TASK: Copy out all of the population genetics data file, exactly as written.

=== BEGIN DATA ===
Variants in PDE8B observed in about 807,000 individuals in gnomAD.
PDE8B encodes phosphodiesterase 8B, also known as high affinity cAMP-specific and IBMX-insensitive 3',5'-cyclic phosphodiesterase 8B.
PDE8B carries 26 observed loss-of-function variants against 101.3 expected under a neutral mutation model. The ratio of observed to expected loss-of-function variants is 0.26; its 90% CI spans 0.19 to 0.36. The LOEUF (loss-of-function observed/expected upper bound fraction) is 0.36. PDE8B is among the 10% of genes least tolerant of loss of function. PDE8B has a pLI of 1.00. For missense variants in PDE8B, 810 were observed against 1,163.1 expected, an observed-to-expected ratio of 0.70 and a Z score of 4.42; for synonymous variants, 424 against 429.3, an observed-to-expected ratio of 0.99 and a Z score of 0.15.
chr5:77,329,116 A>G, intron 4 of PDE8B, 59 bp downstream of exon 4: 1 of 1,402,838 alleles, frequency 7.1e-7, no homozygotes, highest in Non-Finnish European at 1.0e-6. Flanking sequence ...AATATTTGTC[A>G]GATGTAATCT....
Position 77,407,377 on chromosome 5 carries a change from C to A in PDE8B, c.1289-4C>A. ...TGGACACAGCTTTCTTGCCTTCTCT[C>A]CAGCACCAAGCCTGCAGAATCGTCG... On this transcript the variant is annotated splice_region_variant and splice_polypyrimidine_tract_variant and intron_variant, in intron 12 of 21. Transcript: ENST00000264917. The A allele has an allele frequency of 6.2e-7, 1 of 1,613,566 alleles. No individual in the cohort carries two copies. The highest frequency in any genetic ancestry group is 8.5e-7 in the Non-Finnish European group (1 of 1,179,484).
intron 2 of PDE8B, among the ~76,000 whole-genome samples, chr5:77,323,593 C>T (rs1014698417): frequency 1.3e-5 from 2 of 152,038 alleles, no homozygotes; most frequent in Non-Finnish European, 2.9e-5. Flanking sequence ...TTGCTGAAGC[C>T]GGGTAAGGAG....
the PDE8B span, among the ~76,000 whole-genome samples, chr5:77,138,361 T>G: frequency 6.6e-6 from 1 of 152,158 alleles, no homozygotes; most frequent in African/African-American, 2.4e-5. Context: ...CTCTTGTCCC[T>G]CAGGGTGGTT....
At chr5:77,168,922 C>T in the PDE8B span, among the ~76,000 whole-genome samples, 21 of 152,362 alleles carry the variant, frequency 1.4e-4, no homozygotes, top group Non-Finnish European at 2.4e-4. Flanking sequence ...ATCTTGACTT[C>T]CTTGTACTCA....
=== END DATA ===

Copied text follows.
Variants in PDE8B observed in about 807,000 individuals in gnomAD.
PDE8B encodes phosphodiesterase 8B, also known as high affinity cAMP-specific and IBMX-insensitive 3',5'-cyclic phosphodiesterase 8B.
PDE8B carries 26 observed loss-of-function variants against 101.3 expected under a neutral mutation model. The ratio of observed to expected loss-of-function variants is 0.26; its 90% CI spans 0.19 to 0.36. The LOEUF (loss-of-function observed/expected upper bound fraction) is 0.36. PDE8B is among the 10% of genes least tolerant of loss of function. PDE8B has a pLI of 1.00. For missense variants in PDE8B, 810 were observed against 1,163.1 expected, an observed-to-expected ratio of 0.70 and a Z score of 4.42; for synonymous variants, 424 against 429.3, an observed-to-expected ratio of 0.99 and a Z score of 0.15.
chr5:77,329,116 A>G, intron 4 of PDE8B, 59 bp downstream of exon 4: 1 of 1,402,838 alleles, frequency 7.1e-7, no homozygotes, highest in Non-Finnish European at 1.0e-6. Flanking sequence ...AATATTTGTC[A>G]GATGTAATCT....
Position 77,407,377 on chromosome 5 carries a change from C to A in PDE8B, c.1289-4C>A. ...TGGACACAGCTTTCTTGCCTTCTCT[C>A]CAGCACCAAGCCTGCAGAATCGTCG... On this transcript the variant is annotated splice_region_variant and splice_polypyrimidine_tract_variant and intron_variant, in intron 12 of 21. Transcript: ENST00000264917. The A allele has an allele frequency of 6.2e-7, 1 of 1,613,566 alleles. No individual in the cohort carries two copies. The highest frequency in any genetic ancestry group is 8.5e-7 in the Non-Finnish European group (1 of 1,179,484).
intron 2 of PDE8B, among the ~76,000 whole-genome samples, chr5:77,323,593 C>T (rs1014698417): frequency 1.3e-5 from 2 of 152,038 alleles, no homozygotes; most frequent in Non-Finnish European, 2.9e-5. Flanking sequence ...TTGCTGAAGC[C>T]GGGTAAGGAG....
the PDE8B span, among the ~76,000 whole-genome samples, chr5:77,138,361 T>G: frequency 6.6e-6 from 1 of 152,158 alleles, no homozygotes; most frequent in African/African-American, 2.4e-5. Context: ...CTCTTGTCCC[T>G]CAGGGTGGTT....
At chr5:77,168,922 C>T in the PDE8B span, among the ~76,000 whole-genome samples, 21 of 152,362 alleles carry the variant, frequency 1.4e-4, no homozygotes, top group Non-Finnish European at 2.4e-4. Flanking sequence ...ATCTTGACTT[C>T]CTTGTACTCA....